In my experience, practically everyone who is shopping for knee straps would be better off learning more about iliotibial band syndrome first. But what to read? Who to ask? Right now you will get more than 123,000 search results when you Google for “iliotibial band syndrome.” Most are short, poorly written, and inaccurate.

They are of almost no use to you.

Thanks to the misinformation explosion, myths and misconceptions about iliotibial band syndrome are even more widespread than they used to be, even among health care professionals.

Some health care professionals have taken the time to study ITB syndrome properly, of course. But it’s usually impossible to luck out and find one before your training schedule is blown to smithereens.

You get what you pay for

I have taken years of research and professional experience and put it all into a detailed, referenced article which will teach you basically everything there is to know about ITB syndrome. The information about straps offered above is taken from just one of sections in the article.

Why pay for information? Because you get what you pay for. If you go with the free stuff, you’ll get a confusing mess of obsolete and inadequate information. If you pay a few bucks, you’ll get detailed, referenced, current information — and it may even be entertaining!

I do not offer a foolproof system for beating iliotibial band syndrome. There is no such thing! But I know that you will understand this frustrating condition better than most health care professionals by the time you are done. It’s just like coming to my office and having a nice long conversation about it, where all your questions get answered.

Paul Ingraham, SaveYourself.ca Publisher
ScienceBasedMedicine.org, AssistantAsst. Editor
778-968-0930 (Vancouver)


Full access to the ITBS tutorial is available immediately for USD$1995. Click the “Buy Now” button to purchase access.

Buy! $19.95. All major credit cards and PayPal accepted. Add the iliotibial band syndrome tutorial to your cart.

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iD  Vendor Identification
CompanyRegeneration Training
OwnerPaul Ingraham
Location888 Pacific Street
Vancouver, Canada
Service778-968-0930
paul@SaveYourself.ca
Guarantee100% money-back
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store by eSellerate
security by GeoTrust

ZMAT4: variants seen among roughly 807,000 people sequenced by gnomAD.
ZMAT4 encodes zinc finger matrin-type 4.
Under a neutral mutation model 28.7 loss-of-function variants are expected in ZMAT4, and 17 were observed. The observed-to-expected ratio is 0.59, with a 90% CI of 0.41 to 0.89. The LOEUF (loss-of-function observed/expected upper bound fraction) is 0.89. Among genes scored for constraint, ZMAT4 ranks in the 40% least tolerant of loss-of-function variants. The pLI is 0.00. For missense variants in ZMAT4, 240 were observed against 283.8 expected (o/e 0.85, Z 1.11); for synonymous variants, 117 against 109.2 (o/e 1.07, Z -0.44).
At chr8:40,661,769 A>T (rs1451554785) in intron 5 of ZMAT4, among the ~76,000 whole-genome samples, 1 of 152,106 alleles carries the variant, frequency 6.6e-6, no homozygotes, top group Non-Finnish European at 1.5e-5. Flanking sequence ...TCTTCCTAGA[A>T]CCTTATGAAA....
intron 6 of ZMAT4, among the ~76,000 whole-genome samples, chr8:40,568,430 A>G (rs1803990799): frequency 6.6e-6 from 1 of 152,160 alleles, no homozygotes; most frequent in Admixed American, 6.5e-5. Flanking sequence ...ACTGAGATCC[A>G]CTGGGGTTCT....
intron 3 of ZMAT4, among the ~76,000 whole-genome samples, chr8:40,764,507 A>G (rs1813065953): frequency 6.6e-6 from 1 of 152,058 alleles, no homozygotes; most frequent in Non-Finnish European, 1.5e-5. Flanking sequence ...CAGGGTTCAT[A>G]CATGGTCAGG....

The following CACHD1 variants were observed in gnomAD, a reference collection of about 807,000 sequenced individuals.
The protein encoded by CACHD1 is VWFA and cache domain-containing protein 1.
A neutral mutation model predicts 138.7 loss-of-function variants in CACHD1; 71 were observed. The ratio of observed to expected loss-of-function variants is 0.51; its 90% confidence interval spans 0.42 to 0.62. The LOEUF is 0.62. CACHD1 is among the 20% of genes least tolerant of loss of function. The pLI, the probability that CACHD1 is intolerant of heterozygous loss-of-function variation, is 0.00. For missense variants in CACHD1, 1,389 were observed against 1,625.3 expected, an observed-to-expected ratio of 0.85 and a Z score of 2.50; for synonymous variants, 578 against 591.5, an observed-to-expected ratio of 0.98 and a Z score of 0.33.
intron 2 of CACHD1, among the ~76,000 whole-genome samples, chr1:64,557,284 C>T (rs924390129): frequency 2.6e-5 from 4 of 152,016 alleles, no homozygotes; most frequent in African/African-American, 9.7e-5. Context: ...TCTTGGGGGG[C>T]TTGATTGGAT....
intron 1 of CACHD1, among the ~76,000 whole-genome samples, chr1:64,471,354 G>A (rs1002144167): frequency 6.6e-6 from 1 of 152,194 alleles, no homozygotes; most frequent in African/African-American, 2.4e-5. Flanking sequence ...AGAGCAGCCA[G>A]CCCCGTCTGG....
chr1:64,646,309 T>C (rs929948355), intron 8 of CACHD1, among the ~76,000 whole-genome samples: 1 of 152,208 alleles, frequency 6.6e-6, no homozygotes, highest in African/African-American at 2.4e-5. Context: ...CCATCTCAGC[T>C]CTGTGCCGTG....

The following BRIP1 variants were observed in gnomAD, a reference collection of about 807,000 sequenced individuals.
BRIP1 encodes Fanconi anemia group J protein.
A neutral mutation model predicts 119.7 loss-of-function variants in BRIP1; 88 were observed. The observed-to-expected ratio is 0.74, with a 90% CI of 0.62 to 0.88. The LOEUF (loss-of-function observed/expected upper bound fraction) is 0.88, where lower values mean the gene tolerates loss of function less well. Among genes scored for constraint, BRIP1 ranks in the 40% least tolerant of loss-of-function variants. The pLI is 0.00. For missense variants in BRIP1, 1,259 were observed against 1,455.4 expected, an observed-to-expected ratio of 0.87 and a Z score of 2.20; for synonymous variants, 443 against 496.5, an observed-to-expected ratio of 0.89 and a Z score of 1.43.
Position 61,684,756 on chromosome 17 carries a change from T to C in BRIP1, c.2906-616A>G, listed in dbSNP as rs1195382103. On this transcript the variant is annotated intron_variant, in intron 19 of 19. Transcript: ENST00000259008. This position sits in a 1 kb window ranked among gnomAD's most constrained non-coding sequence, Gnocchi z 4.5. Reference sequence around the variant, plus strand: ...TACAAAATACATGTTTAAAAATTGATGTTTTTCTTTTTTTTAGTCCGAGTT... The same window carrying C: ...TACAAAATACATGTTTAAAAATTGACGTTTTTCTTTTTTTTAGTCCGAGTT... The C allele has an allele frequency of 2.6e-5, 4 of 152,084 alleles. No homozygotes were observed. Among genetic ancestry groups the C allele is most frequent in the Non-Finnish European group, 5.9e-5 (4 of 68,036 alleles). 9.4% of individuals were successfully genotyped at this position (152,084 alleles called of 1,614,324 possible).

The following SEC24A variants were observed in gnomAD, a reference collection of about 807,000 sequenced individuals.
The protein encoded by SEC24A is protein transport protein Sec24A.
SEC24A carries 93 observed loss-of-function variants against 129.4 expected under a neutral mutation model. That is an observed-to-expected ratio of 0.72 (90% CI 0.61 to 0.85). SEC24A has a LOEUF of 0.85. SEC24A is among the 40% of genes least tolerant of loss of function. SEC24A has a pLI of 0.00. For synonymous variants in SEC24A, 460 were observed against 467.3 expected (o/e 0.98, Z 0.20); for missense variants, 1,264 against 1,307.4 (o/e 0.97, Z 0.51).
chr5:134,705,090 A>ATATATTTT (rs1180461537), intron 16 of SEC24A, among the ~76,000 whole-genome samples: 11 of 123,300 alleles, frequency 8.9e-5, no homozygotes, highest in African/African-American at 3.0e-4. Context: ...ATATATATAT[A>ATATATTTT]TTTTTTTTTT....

• Secure payment takes about 2 minutes. No password or login, delivery is instant, and get a full refund any time, forever. MORE
  • What do you get, exactly? An online tutorial, book-length (51,000 words). MORE
  • Buy more & save 50%! Get a “boxed” set of all eight tutorials for great savings.MORE

Plus …

  • Free second tutorial! When you buy this tutorial, you will also get Save Yourself from Trigger Points and Myofascial Pain Syndrome! — a $1995 value. Muscles knots (trigger points) are actually not a critical factor in IT band pain rehab, but treating them is worthwhile. The trigger point tutorial is a valuable guide that everyone can benefit from.
Buy! $19.95. All major credit cards and PayPal accepted. Add the iliotibial band syndrome tutorial to your cart.

secure, instant digital delivery
money-back guarantee
call 778-968-0930 for help

Notes

  1. Below-the-knee straps probably have little relevance to iliotibial band syndrome: they are much more common, and are usually recommended for different conditions, namely patellofemoral syndrome and jumper’s knee. BACK TO TEXT
  2. Callaghan et al. The effects of patellar taping on knee joint proprioception. Journal of Athletic Training. 2002. PubMed #12937439.

    This article provides an important clue that may help to rationalize the use of a “Patt Strap,” “Cho Strap” or “iliotibial band syndrome strap,” and also suggests a possible mechanism for therapeutic effect on patellofemoral syndrome in particular, as well as other problems. This evidence suggests that proprioception is enhanced by patellar taping. From the abstract: “Subjects with good proprioception did not benefit from patellar taping. However, in those healthy subjects with poor proprioceptive ability ... patellar taping provided proprioceptive enhancement.”

    BACK TO TEXT